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INSEPARABLE - Eat, Buy and Sell Sustainable FishINSEPARABLE - Eat, Buy and Sell Sustainable FishINSEPARABLE - Eat, Buy and Sell Sustainable FishINSEPARABLE - Eat, Buy and Sell Sustainable Fish

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In response to the concerns raised by several citizens about animal welfare in fish farming, the European Commission would like to clarify that the health and welfare of farmed fish is important for EU aquaculture.
One of the world's fastest growing food sectors, aquaculture accounts for about half of the fish eaten worldwide every year.
Fish farming is healthy and can help tackle overfishing and protect wild fish stocks. That is the message to be delivered today by European Commissioner for Maritime Affairs and Fisheries, Maria Damanaki, at a specially organised event at the Seafood Expo Global held in Brussels.

Citizens' summary

Commission strategy – sustainable aquaculture in Europe

What's the issue?

  • Aquaculture is the farming of organisms that live in water, such as fish, shellfish and algae. It is expanding in many parts of the world but EU production has remained stagnant since 2000.
  • Measures to develop aquaculture must be sustainable, environmentally, socially and economically.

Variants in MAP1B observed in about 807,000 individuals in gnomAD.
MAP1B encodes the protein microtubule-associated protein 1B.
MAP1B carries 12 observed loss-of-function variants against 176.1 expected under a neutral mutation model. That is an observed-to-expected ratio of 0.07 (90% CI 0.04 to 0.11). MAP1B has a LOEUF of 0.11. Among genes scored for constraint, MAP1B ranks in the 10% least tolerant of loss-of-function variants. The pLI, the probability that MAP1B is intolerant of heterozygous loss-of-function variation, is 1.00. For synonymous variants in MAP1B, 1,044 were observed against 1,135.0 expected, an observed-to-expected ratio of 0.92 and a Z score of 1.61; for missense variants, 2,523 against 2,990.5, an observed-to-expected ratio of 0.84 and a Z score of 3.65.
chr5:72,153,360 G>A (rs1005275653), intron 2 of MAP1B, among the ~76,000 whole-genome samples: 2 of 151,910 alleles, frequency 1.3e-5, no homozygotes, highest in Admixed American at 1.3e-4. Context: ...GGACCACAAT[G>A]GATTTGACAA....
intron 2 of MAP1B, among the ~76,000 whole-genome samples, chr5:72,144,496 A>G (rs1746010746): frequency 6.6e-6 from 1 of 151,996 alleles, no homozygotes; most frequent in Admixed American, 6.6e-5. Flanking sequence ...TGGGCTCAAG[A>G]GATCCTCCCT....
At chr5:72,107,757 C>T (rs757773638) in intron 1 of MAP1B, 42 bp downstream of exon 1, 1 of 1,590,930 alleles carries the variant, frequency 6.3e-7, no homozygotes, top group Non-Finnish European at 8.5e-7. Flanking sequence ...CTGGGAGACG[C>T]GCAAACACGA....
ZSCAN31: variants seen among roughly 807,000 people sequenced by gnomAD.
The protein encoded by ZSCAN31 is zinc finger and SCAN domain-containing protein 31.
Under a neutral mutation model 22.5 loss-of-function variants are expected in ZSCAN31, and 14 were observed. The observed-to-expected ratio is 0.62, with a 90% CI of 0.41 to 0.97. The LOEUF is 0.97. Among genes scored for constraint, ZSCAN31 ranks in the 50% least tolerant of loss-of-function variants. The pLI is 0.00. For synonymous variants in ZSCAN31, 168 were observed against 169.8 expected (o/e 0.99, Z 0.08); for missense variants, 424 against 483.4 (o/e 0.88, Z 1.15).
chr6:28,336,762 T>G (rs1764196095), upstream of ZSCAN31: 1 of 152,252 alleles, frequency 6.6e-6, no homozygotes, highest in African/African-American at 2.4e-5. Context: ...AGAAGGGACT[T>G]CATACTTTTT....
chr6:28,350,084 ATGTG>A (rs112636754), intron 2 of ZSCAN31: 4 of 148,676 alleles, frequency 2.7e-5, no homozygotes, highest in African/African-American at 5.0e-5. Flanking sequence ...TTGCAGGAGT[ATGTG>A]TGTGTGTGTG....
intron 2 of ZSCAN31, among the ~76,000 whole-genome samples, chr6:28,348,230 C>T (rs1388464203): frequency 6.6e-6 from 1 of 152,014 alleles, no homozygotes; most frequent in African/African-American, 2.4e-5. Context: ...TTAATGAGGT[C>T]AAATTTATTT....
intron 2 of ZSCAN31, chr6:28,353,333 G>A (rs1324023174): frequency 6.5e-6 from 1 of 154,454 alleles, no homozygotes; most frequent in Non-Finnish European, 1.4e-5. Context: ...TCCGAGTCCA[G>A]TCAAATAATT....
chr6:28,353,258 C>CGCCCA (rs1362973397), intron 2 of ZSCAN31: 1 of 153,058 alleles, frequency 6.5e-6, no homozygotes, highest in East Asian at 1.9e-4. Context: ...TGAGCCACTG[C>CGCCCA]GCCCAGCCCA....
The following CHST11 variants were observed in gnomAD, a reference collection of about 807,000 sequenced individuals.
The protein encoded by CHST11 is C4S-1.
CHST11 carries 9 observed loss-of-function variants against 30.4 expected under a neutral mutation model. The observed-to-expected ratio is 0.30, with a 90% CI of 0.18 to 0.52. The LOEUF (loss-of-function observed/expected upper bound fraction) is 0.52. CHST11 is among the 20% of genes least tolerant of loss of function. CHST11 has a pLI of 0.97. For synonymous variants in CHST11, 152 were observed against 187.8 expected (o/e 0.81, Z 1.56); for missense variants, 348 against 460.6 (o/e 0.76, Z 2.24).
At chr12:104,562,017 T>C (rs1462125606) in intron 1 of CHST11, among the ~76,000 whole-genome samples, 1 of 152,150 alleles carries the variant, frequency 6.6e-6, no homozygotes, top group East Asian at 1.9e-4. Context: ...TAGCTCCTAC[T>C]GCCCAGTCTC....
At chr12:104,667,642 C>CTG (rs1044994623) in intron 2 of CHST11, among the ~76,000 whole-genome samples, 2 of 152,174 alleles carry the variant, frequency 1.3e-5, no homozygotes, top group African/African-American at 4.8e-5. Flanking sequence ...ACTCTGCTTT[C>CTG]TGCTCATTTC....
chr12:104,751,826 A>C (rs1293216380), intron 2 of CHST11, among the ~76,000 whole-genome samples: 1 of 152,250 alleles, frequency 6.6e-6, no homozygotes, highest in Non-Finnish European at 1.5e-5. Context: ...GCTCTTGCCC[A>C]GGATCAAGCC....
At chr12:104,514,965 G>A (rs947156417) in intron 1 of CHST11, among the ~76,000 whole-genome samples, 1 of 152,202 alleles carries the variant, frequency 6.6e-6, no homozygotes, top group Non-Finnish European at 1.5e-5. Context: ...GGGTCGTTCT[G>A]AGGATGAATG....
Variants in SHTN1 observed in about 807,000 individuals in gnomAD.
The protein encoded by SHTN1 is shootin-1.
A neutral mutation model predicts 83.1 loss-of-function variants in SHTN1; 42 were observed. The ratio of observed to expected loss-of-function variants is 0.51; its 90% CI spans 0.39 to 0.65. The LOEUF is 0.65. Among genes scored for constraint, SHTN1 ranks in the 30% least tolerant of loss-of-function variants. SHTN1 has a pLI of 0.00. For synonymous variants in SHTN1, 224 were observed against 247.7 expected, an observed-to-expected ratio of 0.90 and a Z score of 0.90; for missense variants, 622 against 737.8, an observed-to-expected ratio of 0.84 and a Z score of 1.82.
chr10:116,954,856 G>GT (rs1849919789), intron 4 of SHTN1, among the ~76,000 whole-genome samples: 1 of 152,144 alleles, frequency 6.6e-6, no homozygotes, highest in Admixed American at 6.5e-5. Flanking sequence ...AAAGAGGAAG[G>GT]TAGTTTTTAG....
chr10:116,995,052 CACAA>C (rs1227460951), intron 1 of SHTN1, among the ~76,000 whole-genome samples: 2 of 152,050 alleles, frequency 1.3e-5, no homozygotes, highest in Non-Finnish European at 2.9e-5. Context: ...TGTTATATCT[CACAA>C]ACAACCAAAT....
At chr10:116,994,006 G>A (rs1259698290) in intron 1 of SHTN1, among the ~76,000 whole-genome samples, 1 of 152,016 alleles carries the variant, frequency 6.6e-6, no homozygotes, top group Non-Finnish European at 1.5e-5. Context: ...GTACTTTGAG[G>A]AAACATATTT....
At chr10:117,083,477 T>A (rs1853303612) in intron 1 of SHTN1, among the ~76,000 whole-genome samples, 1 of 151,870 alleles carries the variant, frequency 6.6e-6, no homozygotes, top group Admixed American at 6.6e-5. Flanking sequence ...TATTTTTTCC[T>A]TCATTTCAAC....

• The European sector has important assets and good prospects despite challenges to its development.

Who will benefit and how?

  • Aquaculture and related industries – the strategy will help create economic opportunities, mainly in rural and coastal areas.
  • EU consumers – a sustainable aquaculture sector will provide healthy, high-quality and environmentally friendly food.

Why does action have to be taken by the eu?

  • European leadership can help move national and regional authorities to act.
  • With its overview of the whole European aquaculture sector, the EU is best placed to identify overall opportunities and challenges.

What exactly will change?

The strategy aims to:

  • help make EU aquaculture more competitive – by supporting research and technological development, ensuring that the sector has an equal voice in spatial-planning decisions, revising EU policy on fisheries markets and helping the sector strengthen its position on the international scene.
  • ensure that growth remains sustainable – by encouraging green production methods, maintaining high animal-health and welfare standards, protecting consumer health and publicising the health benefits of aquaculture products.
  • improve the sector's image and governance – by creating a level playing field for all operators and reducing red tape, as well as encouraging the dissemination of factual information to the public, the involvement of stakeholders in policy-making and adequate monitoring of the sector.

All these goals should be achieved by EU, national and regional bodies working together.

When would the strategy come into effect?

  • The Commission will gradually implement the measures under its authority. It invites national and regional authorities to coordinate the measures for which each of them is responsible.